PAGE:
Highlights from PwC’s 2016 Annual Corporate Directors Survey .

TK Kerstetter discusses PwC’s 2016 Annual Corporate Directors Survey during the October 25 episode of “Inside America’s Boardrooms.”

Highlights from PwC’s 2016 Annual Corporate Directors Survey

Overseeing a company in a changing business landscape comes with many challenges. Company boardrooms face an array of internal and external pressures including disruptive technologies, geopolitical turmoil, cyber threats, increasing regulations and engaged investors. The PwC Annual Corporate Directors Survey provides insight on the “The Good,” “The Bad” and “The Ugly” boards face.

On October 25, Paul DeNicola, Managing Director of PwC’s Governance Insights Center joined TK Kerstetter to discuss highlights from PwC’s 2016 Annual Corporate Directors Survey. Named “The Swinging Pendulum: Board Governance in the Age of Shareholder Empowerment,” this year’s survey discovered what board governance looks like in a new age where shareholders have more say than ever on how companies are governed.

This year, over 880 sitting board members responded to the survey. About 70% of the directors represented companies with over one billion dollars in annual revenue, and the gender distribution was in line with the average distribution of public company directors (83% male and 17% female).

Positive Insights – Shareholder Empowerment

In 2016, the overall engagement between board members and investors has increased. More than half of directors said someone on their board, other than the CEO, has interacted with the company’s investors. And directors are recognizing the value of activism. Nearly 80% of directors believe that activism has driven companies to evaluate strategy, execution and capital allocation. Boards adopting an activist mindset will anticipate weaknesses and preemptively address them.

Another positive insight from the survey indicates that boards are positively reacting to pressures from major shareholders and activists when it comes to board composition. In result, boards are looking outside of their existing networks to add new, diverse directors. In 2016, 61% of directors surveyed said their boards added a director with a specific skill set, 46% said they added a diverse board member, and 34% said they added a younger board member.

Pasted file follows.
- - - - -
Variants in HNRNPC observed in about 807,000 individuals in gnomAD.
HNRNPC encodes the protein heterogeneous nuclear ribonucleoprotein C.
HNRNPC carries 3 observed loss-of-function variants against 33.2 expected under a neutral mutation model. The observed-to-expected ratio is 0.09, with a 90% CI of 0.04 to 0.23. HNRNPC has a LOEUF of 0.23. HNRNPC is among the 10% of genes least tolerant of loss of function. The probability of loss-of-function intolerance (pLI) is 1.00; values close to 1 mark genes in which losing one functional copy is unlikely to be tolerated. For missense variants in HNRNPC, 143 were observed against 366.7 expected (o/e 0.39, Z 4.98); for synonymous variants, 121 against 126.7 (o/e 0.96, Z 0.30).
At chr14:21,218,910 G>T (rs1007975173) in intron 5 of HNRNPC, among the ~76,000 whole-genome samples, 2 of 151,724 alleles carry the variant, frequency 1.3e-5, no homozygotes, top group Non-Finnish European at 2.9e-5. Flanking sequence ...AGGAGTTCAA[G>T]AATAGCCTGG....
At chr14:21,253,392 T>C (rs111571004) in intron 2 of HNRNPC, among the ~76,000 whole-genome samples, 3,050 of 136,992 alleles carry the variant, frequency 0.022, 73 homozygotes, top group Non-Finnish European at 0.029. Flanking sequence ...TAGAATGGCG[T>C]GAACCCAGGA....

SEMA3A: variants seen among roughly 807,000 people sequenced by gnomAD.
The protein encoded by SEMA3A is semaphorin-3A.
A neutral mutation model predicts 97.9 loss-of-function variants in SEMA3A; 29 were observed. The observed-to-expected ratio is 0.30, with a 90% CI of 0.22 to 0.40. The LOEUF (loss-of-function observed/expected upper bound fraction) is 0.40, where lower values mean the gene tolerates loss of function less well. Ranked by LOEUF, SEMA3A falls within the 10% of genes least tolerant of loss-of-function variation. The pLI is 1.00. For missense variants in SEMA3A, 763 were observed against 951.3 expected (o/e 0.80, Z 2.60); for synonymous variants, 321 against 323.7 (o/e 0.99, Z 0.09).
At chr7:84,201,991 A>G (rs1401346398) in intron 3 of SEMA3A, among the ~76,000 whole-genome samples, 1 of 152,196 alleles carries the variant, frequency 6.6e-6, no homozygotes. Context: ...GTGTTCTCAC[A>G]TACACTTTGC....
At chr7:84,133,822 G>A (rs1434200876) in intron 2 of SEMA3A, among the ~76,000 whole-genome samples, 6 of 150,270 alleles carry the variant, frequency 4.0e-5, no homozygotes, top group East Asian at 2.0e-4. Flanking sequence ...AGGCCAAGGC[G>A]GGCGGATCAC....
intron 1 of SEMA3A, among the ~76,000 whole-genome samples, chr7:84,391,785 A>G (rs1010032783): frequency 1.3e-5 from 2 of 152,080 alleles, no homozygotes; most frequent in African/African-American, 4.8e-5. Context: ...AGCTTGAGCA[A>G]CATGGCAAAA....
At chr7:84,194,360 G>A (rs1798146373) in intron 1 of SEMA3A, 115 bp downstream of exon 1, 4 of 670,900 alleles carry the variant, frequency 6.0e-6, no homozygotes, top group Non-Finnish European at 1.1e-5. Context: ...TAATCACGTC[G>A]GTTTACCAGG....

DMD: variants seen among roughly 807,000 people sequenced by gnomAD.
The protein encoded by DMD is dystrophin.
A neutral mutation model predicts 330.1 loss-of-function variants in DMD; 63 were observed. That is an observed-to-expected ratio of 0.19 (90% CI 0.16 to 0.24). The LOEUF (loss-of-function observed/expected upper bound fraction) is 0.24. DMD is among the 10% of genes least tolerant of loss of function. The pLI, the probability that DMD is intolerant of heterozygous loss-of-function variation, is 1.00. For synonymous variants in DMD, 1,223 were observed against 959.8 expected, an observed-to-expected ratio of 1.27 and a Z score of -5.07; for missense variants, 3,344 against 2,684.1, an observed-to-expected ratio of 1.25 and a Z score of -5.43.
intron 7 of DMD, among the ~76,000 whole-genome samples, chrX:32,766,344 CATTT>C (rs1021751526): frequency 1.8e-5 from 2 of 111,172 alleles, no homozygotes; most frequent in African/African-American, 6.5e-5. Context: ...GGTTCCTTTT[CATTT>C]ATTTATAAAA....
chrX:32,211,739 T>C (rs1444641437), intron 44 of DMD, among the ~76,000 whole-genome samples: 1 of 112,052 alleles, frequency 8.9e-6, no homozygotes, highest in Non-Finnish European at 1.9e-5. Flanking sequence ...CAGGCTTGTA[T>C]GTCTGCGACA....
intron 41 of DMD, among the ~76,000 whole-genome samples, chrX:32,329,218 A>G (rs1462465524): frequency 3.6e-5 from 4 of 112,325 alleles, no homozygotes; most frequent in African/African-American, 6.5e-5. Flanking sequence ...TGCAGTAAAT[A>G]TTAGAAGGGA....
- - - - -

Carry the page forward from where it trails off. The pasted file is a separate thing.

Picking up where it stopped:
But do directors see the value in all shareholder engagements? Only one in five directors said the right investor representatives were present during those conversations, and the same amount of directors responded that investors were prepared for the meetings. Further, only 18% of directors reported that these conversations impacted proxy voting, and only 14% claimed these meetings impacted investment decisions.

Evaluating Director Effectiveness

Over the past few years, directors have been very consistent when asked if fellow directors should be replaced in their boards; this year, about one-third of directors voted yes. In 2016, unpreparedness for meetings was the main reason to replace board members jumping up from 11% in 2012 to 25% in 2016. However, not all of these responders reported taking action and making changes after a self-evaluation. Looking forward, boards should use these statistics as motivation to reevaluate their board evaluation processes.

Board Composition and Diversity

This year’s survey confirmed a tremendous issue in board diversity. Gender diversity is proven to improve financial performance, but male directors are slow to support the idea. In 2016, only 24% of male directors polled believe that board diversity leads to enhanced company performance, and only 38% of the directors believe that diversity leads to enhanced board effectiveness. In future years, this statistic is expected to improve due to reason and investor pressure at risk of falling behind more diverse boards.

Watch the October 25 episode of “Inside America’s Boardroom” for more insights on PwC’s 2016 Annual Corporate Directors Survey.

The views and opinions expressed herein are the views and opinions of the author at the time of publication and may not be updated. They do not necessarily reflect those of Nasdaq, Inc. The results of the survey were not independently verified by Nasdaq. The content does not attempt to examine all the facts and circumstances which may be relevant to any particular company, industry or security mentioned herein and nothing contained herein should be construed as legal advice.
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